Functional loss in early age-related maculopathy: the ischaemia postreceptoral hypothesis

Feigl, Beatrix, Brown, Brian, Lovie-Kitchin, Janette E., & Swann, Peter G. (2007) Functional loss in early age-related maculopathy: the ischaemia postreceptoral hypothesis. Eye, 21(-), pp. 689-696.

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We review proposed models and psychophysical and electrophysiological tests performed in many studies for early age-related maculopathy (ARM). We suggest that ischaemia is the trigger for impaired retinal pigment epithelium function causing imbalance of secretion of vascular growth factors, reduced disc degradation capability and reduced metabolic activity and possible inflammatory response. This results in increased depostion of cell debris, such as drusen and thickens Bruch's membrane causing even more ischaemia of the overlying neurosensory retina. The photoreceptors are more resistant to ischaemia given their proximity to the choroid. Furthermore, being 'upstream' from the inner retinal layers, they act as an oxygen sink depriving retinal layers further from the choroid. Postreceptoral cell layers and especially parts of the inner nuclear layer that are located in the watershed zone between two sources of blood supply are preferentially vulnerable to ischaemia. Based on psychophysical and electrophysiological findings we propose that most of the function impairmetn in early ARM starts postreceptorally.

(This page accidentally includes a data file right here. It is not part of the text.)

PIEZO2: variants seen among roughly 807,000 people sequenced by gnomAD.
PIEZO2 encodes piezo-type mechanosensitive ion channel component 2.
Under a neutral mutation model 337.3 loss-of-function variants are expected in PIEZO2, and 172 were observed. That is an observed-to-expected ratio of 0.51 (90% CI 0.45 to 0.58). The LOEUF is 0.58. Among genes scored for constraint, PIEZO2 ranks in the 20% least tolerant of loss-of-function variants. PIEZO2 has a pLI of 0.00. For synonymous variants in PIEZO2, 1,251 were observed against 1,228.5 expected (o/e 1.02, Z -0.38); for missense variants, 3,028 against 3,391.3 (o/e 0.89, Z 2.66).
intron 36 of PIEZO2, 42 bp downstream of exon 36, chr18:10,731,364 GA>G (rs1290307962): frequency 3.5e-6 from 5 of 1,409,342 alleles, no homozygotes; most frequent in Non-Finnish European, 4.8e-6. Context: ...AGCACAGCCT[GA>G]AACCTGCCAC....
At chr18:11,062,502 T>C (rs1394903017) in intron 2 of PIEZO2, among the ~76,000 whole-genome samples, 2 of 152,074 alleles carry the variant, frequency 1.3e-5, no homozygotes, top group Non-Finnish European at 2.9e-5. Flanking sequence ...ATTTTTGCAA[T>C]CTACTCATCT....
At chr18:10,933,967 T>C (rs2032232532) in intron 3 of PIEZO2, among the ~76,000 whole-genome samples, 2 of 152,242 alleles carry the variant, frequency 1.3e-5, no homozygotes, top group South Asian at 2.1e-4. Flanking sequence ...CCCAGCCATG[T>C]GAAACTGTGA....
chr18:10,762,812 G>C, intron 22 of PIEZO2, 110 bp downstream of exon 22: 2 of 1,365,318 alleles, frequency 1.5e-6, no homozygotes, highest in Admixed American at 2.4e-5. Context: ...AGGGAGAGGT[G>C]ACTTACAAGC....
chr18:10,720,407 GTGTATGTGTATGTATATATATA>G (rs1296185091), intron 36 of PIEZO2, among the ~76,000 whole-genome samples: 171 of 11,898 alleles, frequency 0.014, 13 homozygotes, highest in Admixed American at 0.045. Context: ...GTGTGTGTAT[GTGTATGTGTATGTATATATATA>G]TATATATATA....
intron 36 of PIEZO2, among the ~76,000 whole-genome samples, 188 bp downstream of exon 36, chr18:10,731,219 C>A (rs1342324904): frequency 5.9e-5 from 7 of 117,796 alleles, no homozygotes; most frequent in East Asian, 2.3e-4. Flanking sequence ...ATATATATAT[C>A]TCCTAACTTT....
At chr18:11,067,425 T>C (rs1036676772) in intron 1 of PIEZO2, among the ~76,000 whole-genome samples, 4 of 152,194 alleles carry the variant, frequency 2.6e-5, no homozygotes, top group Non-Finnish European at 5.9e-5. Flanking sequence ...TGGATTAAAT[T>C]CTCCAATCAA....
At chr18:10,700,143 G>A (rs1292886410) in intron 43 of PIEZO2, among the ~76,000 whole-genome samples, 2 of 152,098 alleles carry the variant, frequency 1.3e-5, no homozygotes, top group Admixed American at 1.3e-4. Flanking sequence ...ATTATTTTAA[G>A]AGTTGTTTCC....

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18 citations in Web of Science®
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ID Code: 6826
Item Type: Journal Article
Refereed: Yes
Additional Information: For more information, please refer to the journal’s website (see link) or contact the author. Author contact details:
Keywords: age, related maculopathy, ischaemia, multifocal electroretinogram, multifocal ERG, VEGF
DOI: 10.1038/sj.eye.6702389
ISSN: 0950-222X
Subjects: Australian and New Zealand Standard Research Classification > MEDICAL AND HEALTH SCIENCES (110000) > OPTOMETRY AND OPHTHALMOLOGY (111300) > Vision Science (111303)
Divisions: Current > QUT Faculties and Divisions > Faculty of Health
Current > Institutes > Institute of Health and Biomedical Innovation
Copyright Owner: Copyright 2007 Nature Publishing Group
Deposited On: 05 Jul 2007 00:00
Last Modified: 29 Feb 2012 13:23

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